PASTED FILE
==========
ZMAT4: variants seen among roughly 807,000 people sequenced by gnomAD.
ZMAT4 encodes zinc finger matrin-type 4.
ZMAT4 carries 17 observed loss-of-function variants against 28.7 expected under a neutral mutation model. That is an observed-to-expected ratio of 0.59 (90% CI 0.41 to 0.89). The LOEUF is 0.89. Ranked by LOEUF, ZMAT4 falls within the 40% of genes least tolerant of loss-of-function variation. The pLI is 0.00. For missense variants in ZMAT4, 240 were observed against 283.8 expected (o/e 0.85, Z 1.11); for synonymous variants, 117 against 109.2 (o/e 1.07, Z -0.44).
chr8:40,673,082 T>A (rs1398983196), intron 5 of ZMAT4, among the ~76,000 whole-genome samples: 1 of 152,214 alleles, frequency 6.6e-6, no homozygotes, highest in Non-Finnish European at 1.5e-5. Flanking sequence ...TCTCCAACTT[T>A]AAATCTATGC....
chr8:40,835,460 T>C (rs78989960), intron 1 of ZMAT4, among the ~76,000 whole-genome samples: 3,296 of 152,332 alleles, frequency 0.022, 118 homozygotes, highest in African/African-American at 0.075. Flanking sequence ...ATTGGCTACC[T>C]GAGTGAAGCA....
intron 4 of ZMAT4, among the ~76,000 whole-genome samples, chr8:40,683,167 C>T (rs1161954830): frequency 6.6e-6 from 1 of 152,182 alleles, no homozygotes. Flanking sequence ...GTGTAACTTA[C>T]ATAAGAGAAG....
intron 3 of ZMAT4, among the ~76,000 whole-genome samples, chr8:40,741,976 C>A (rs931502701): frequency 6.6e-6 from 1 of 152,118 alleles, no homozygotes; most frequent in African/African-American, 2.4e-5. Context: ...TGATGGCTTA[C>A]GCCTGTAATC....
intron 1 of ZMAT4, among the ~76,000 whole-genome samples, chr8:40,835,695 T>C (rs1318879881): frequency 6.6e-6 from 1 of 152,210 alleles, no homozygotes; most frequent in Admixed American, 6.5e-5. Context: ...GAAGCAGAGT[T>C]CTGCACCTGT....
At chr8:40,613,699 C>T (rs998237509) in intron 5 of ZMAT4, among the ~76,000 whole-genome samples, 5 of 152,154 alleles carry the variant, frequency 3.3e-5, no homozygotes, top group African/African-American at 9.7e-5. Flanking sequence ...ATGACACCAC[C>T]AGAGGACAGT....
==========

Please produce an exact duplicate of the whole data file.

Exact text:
ZMAT4: variants seen among roughly 807,000 people sequenced by gnomAD.
ZMAT4 encodes zinc finger matrin-type 4.
ZMAT4 carries 17 observed loss-of-function variants against 28.7 expected under a neutral mutation model. That is an observed-to-expected ratio of 0.59 (90% CI 0.41 to 0.89). The LOEUF is 0.89. Ranked by LOEUF, ZMAT4 falls within the 40% of genes least tolerant of loss-of-function variation. The pLI is 0.00. For missense variants in ZMAT4, 240 were observed against 283.8 expected (o/e 0.85, Z 1.11); for synonymous variants, 117 against 109.2 (o/e 1.07, Z -0.44).
chr8:40,673,082 T>A (rs1398983196), intron 5 of ZMAT4, among the ~76,000 whole-genome samples: 1 of 152,214 alleles, frequency 6.6e-6, no homozygotes, highest in Non-Finnish European at 1.5e-5. Flanking sequence ...TCTCCAACTT[T>A]AAATCTATGC....
chr8:40,835,460 T>C (rs78989960), intron 1 of ZMAT4, among the ~76,000 whole-genome samples: 3,296 of 152,332 alleles, frequency 0.022, 118 homozygotes, highest in African/African-American at 0.075. Flanking sequence ...ATTGGCTACC[T>C]GAGTGAAGCA....
intron 4 of ZMAT4, among the ~76,000 whole-genome samples, chr8:40,683,167 C>T (rs1161954830): frequency 6.6e-6 from 1 of 152,182 alleles, no homozygotes. Flanking sequence ...GTGTAACTTA[C>T]ATAAGAGAAG....
intron 3 of ZMAT4, among the ~76,000 whole-genome samples, chr8:40,741,976 C>A (rs931502701): frequency 6.6e-6 from 1 of 152,118 alleles, no homozygotes; most frequent in African/African-American, 2.4e-5. Context: ...TGATGGCTTA[C>A]GCCTGTAATC....
intron 1 of ZMAT4, among the ~76,000 whole-genome samples, chr8:40,835,695 T>C (rs1318879881): frequency 6.6e-6 from 1 of 152,210 alleles, no homozygotes; most frequent in Admixed American, 6.5e-5. Context: ...GAAGCAGAGT[T>C]CTGCACCTGT....
At chr8:40,613,699 C>T (rs998237509) in intron 5 of ZMAT4, among the ~76,000 whole-genome samples, 5 of 152,154 alleles carry the variant, frequency 3.3e-5, no homozygotes, top group African/African-American at 9.7e-5. Flanking sequence ...ATGACACCAC[C>T]AGAGGACAGT....